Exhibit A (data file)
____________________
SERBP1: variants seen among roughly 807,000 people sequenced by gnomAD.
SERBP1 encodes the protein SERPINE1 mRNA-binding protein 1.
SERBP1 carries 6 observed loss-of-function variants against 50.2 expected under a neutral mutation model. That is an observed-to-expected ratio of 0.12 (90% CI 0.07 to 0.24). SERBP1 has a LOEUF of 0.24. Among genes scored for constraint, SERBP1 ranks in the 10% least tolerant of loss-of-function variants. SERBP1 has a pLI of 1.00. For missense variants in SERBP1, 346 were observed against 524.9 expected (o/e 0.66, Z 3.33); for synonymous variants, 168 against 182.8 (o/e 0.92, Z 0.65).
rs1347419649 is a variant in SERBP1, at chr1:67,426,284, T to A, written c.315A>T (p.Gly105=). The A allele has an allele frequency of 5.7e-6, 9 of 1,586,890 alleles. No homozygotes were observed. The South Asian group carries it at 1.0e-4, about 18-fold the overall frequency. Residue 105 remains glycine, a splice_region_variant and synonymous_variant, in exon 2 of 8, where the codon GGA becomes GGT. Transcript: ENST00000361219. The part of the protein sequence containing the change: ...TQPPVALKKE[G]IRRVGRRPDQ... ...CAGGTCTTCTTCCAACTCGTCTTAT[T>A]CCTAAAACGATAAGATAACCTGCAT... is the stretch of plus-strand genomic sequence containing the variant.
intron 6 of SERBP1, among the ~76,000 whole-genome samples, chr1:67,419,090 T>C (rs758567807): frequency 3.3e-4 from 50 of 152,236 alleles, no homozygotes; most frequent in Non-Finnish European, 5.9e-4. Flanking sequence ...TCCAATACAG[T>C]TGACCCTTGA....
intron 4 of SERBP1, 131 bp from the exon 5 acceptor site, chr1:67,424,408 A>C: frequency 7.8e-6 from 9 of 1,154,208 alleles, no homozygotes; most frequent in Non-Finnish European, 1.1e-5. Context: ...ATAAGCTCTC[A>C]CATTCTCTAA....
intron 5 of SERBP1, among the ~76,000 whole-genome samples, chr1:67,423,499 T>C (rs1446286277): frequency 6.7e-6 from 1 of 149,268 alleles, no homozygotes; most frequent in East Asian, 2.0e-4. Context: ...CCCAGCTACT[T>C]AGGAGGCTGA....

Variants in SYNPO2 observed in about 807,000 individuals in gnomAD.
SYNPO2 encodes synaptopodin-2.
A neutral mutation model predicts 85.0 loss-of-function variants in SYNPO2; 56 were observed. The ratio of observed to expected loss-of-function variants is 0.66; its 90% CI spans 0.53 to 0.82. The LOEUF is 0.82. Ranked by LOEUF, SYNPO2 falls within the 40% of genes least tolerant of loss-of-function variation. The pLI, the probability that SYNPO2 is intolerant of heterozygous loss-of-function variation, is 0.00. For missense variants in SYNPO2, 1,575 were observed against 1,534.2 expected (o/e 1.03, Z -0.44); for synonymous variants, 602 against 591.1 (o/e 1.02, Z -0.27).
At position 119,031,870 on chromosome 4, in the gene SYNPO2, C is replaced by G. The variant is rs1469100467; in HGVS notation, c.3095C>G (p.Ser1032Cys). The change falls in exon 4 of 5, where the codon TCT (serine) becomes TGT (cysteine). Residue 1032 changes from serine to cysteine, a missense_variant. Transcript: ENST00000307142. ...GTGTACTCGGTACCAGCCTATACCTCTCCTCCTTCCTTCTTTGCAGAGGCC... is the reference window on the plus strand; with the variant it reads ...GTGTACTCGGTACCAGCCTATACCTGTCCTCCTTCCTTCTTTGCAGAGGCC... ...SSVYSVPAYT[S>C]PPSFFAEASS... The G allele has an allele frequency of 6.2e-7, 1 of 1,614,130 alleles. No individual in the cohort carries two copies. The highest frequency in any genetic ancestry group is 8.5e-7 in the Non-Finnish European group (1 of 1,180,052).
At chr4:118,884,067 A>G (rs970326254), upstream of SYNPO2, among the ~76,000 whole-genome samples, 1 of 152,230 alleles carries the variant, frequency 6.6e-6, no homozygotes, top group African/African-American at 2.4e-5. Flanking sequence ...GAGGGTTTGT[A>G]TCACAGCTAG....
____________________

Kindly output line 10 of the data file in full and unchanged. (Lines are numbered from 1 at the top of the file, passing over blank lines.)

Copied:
A neutral mutation model predicts 85.0 loss-of-function variants in SYNPO2; 56 were observed. The ratio of observed to expected loss-of-function variants is 0.66; its 90% CI spans 0.53 to 0.82. The LOEUF is 0.82. Ranked by LOEUF, SYNPO2 falls within the 40% of genes least tolerant of loss-of-function variation. The pLI, the probability that SYNPO2 is intolerant of heterozygous loss-of-function variation, is 0.00. For missense variants in SYNPO2, 1,575 were observed against 1,534.2 expected (o/e 1.03, Z -0.44); for synonymous variants, 602 against 591.1 (o/e 1.02, Z -0.27).